That’s the story from the Rev. David Bumbaugh. It affirms how a mealtime prayer can help members of a family feel reconnected after a day of being scattered to the four winds. But it also underscores the fact that prayer is not just about words interspersed with silence; it is something we do with our attention and with our bodies.

Now as I say this, I am thinking about our Embracing Meditation time in worship every Sunday. The public prayer that we do, when I ask you to settle in a little more comfortably, close your eyes if you wish, allow the tensions in your body to soften, breathe out all anxiety, breath in peace…Hopefully it won’t ever sound like a prayer from Uncle Jim, but even if so, we are still gathered around a shared worship table, all of us. The message, independent of the words spoken, is always the same: “No matter where the previous week has taken us, no matter where responsibility might lead us, the center of spiritual life is here, around this table, with our spiritual family.” That’s the message. The prayer itself, in other words, is the answer. It works whether or not God hears the words. WE hear the words, the words move us and that is enough. And I say this as a theist, as one who believes in a God. God may be listening in, but that’s not why I pray.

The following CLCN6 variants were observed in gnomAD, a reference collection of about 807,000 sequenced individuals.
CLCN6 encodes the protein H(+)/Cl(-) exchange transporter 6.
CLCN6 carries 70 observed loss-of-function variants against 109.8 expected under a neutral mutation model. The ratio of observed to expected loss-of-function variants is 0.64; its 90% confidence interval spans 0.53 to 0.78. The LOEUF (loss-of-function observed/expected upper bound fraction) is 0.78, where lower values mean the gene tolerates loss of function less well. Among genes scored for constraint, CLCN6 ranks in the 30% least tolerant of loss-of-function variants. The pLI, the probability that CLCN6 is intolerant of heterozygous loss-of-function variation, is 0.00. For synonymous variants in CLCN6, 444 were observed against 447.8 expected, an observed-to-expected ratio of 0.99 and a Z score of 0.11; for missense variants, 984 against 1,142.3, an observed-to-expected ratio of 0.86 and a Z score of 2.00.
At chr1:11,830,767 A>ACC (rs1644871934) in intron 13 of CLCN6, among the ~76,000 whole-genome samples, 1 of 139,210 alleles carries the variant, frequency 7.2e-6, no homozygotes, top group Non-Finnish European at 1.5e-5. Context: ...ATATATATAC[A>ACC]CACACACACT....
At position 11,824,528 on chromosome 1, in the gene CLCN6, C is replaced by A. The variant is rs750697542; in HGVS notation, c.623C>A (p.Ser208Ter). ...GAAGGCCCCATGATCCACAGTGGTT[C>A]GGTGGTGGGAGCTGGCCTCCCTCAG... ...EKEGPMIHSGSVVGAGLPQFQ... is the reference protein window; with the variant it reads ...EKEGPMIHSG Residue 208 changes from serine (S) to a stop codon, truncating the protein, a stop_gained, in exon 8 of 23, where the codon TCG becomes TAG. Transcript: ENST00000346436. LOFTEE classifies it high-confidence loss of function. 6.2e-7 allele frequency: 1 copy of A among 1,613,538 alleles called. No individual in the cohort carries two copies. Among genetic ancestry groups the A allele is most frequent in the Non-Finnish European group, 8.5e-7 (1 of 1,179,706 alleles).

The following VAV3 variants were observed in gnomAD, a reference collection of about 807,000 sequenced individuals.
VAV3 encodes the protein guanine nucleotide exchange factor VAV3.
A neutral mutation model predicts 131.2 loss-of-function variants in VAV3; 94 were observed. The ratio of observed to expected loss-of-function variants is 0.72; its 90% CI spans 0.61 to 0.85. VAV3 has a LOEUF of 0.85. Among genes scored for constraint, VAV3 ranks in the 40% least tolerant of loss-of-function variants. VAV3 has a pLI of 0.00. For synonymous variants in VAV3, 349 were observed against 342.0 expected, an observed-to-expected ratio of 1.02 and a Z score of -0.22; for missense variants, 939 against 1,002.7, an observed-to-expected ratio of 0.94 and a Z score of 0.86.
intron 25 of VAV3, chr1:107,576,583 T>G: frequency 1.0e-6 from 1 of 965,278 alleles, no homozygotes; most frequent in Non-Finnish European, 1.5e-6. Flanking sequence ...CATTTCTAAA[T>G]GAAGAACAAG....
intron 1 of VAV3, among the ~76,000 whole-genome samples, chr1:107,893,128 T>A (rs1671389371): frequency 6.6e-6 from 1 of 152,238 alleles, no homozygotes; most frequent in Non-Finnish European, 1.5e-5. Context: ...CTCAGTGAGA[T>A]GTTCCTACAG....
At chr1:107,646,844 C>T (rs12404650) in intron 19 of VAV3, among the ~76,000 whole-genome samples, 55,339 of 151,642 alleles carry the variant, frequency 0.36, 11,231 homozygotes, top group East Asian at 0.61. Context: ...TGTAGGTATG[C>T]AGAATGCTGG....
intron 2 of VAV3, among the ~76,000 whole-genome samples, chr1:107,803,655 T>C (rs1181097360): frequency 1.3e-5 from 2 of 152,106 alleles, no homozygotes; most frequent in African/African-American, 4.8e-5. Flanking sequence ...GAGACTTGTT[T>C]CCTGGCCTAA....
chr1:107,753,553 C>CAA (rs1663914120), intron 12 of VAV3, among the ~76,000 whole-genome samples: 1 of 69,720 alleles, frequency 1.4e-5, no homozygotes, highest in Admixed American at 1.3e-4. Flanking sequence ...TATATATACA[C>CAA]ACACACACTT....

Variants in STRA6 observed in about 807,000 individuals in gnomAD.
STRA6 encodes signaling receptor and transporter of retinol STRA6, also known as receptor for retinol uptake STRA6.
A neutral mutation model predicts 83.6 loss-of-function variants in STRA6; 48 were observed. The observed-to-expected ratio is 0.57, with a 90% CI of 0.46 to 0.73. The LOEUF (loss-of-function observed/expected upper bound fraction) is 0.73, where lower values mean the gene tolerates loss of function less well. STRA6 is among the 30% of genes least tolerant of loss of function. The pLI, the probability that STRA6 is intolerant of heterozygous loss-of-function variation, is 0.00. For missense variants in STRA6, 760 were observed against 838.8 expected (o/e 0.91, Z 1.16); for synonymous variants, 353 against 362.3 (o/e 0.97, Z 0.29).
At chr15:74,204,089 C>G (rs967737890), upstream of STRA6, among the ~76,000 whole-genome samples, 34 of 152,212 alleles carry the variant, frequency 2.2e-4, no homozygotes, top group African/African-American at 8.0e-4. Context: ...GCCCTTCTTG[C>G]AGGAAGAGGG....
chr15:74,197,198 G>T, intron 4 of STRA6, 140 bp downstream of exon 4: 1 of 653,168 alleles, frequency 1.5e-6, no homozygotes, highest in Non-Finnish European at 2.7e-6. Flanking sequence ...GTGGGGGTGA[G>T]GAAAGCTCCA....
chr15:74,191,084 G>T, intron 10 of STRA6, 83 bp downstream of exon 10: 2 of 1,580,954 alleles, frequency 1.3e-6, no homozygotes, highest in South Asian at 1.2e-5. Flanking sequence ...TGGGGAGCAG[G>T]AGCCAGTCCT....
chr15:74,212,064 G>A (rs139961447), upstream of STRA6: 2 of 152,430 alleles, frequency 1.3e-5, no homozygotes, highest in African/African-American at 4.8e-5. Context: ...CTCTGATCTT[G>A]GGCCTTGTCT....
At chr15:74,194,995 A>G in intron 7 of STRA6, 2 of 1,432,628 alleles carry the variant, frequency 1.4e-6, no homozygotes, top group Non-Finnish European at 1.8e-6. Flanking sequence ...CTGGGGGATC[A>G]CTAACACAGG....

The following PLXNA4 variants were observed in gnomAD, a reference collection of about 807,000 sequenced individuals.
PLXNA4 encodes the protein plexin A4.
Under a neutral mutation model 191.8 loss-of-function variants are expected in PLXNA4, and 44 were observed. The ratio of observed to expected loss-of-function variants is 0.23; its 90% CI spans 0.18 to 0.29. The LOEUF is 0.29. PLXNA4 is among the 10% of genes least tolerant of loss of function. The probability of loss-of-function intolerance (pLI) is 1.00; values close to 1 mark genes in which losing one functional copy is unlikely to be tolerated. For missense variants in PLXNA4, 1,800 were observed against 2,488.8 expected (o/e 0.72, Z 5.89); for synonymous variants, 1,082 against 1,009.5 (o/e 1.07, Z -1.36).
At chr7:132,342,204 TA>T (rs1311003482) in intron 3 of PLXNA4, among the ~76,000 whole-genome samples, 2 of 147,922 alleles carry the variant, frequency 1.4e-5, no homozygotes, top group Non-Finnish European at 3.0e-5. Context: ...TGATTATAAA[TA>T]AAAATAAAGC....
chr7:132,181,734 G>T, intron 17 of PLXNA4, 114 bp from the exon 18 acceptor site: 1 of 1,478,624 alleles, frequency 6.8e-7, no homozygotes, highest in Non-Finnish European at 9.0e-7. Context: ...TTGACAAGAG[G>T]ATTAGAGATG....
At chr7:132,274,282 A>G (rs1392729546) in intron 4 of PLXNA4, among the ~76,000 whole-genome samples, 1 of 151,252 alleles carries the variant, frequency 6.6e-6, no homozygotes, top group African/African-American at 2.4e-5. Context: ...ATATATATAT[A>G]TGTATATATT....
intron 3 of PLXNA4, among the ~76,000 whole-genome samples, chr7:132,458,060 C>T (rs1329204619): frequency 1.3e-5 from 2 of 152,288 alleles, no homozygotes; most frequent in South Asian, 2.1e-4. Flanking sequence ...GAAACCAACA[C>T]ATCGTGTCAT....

David Bumbaugh’s story also brings to mind something else: a prayer ritual that I’ve been engaged with for almost ten years now. Once a week for an hour, over the phone, a beloved colleague and I pray together. Half of the time, we share what’s going on in our lives; and the other half, we pray for each other. And what that sounds like, at times, is very well echoed by these words from Catholic mystic and writer Thomas Merton:

MY LORD GOD, I have no idea where I am going.
I do not see the road ahead of me.
I cannot know for certain where it will end.
Nor do I really know myself, and the fact that I think I am following your will
does not mean that I am actually doing so.
But I believe that the desire to please you